The 2020 pandemic will be with us for quite some time. Snowmobiling in 2021 was an outlet for many of us to get out of the house. Surprisingly, stops at our local bars were not crowded if you were careful when you rode and where you stopped. If you were willing to travel, there was abundant snow within a 3 hour drive. Here are a few pictures from our riding this year.
THE HARD TRUTH ABOUT OFF-TRAIL RIDING
By: Mark Lester, Photo By: Mike Lester
It looks like snocross racing has been supplanted as the identity of choice by the image of the deep snow freerider.
Iconic names like Haikonen, Morgan and Hibbert for two decades have given way to powder slaying, cornice jumping images of Chris Burandt, Carl Kuster, Dave McClure, Rob Kincaid and many others. More important, in showrooms the sought-after image of snocross sleds is increasingly shifting to deep-snow sleds.
Proof positive are comments coming from the OEMs indicating the sale of crossover and mountain sleds is the growth market in the snowmobile industry right now.
We would not dispute this assertion. Our contact with you, our readers, and Snowtrax Television viewers indicates not just a passing interest in off-trail riding but a determined desire to rip-up powder, ride without boundaries and generally go wherever you choose.
Although we’re not against this new, tweaked definition of snowmobiling, we must clearly state this reality: If snowmobiling keeps redefining itself away from groomed trail riding – and I’m speaking about flatland freeriding here – there’s going to be a huge price to be paid.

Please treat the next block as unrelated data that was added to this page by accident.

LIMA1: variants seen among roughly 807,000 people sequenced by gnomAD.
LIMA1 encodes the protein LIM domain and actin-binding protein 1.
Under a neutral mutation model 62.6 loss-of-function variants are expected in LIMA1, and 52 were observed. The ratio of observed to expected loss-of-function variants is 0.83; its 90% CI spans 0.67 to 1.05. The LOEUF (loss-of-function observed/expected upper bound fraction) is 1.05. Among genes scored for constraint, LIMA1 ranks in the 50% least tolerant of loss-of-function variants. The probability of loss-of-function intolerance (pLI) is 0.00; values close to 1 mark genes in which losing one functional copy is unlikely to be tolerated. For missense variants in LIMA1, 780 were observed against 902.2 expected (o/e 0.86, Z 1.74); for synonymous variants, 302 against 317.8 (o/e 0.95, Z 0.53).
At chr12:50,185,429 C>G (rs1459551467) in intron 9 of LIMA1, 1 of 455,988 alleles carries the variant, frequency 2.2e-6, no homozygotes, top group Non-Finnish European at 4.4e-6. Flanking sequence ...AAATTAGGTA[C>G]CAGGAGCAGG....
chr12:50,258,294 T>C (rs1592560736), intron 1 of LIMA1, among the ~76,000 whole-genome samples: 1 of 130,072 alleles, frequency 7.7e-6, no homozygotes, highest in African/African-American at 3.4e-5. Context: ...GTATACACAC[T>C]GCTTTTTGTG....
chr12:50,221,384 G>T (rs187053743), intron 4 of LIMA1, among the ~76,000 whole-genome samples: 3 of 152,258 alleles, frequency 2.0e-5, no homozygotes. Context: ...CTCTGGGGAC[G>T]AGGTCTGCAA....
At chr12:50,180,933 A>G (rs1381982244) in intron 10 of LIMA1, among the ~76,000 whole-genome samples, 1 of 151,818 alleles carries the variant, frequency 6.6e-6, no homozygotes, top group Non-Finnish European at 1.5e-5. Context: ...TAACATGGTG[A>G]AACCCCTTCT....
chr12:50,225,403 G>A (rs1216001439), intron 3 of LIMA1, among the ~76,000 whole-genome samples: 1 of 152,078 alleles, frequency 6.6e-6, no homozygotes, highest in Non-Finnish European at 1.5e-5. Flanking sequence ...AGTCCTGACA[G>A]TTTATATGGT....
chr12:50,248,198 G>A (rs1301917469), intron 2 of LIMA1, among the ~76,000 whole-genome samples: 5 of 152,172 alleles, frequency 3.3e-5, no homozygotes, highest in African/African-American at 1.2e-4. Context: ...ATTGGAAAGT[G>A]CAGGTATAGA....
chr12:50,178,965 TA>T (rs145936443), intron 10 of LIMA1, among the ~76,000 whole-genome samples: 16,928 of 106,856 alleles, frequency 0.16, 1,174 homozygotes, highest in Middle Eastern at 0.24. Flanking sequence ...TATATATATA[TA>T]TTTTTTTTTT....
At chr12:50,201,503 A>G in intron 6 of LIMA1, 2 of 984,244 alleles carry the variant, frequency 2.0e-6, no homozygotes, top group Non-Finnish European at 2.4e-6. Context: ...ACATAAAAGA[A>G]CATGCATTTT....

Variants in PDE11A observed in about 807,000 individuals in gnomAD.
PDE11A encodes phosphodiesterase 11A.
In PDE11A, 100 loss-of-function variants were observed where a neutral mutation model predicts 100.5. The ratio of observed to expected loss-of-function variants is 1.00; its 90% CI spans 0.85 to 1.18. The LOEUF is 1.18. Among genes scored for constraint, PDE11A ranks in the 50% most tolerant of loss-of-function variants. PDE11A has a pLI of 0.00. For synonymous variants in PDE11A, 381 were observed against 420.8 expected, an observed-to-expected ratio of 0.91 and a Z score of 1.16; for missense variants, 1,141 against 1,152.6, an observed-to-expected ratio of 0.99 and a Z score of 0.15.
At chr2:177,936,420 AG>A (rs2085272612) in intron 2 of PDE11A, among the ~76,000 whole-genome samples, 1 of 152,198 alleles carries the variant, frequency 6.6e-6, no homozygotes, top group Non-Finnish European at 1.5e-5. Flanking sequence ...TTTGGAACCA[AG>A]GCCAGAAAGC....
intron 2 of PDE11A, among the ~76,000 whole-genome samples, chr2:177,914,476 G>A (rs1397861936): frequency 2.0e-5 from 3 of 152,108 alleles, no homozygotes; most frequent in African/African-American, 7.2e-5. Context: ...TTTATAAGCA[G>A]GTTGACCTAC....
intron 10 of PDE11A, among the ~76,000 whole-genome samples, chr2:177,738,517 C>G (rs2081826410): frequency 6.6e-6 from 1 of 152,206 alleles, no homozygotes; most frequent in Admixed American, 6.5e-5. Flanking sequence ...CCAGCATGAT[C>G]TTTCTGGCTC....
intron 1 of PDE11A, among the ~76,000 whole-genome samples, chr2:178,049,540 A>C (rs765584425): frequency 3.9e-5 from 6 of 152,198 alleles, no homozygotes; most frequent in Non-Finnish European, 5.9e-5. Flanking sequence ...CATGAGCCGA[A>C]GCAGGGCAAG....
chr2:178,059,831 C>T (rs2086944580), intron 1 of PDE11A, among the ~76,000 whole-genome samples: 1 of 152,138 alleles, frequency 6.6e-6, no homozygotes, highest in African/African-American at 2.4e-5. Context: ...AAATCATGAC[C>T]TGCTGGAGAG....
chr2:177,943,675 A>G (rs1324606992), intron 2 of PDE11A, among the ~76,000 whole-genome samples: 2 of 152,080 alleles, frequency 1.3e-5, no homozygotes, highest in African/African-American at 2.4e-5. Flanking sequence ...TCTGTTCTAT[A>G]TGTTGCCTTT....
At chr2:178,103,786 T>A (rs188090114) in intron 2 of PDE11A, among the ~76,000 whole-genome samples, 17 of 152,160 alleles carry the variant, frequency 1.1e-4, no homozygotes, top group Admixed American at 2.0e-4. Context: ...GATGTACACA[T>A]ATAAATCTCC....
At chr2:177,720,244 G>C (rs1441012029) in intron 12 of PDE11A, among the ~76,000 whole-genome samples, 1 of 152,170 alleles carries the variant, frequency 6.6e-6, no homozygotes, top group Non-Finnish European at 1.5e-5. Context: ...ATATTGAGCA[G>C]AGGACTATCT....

Sure, it’s great the OEMs are recording sales increases in deep snow, longer tracked crossover rides; I get that. However, there has to be a visible, coordinated move to educate these buyers their new way to participate has boundaries and subsequently, rules. If this doesn’t happen soon, we’re in for big trouble!
So, overall, this is good, right? I mean more sleds sold means more participants, more tourism impact, more justification for our sport’s continued acceptance and support by government and thus more monetary support for snowmobiling. This is correct thinking, right?
Honestly, I’m less sure about the above rationale than I’ve ever been. I’m concerned things are getting out of control. We attend all the big US consumer shows every fall and this year I was overwhelmed by the increase in people we spoke with who are buying sleds with the intent to use them off-trail in flatland, trail-based territory.
Like I said, I’m all about more participation and expansion. However, I’m becoming increasingly concerned about the consequences of this re-imagined type of riding.
You’ve likely heard, just like we have, about trail closures from sleds wandering off the prescribed signed and marked routes. Landowners are the backbone of North America’s state and provincial groomed trail systems. The desire to freeride using these trails as a springboard to “get to the pow” runs 180-degrees counter to the original idea behind groomed trails.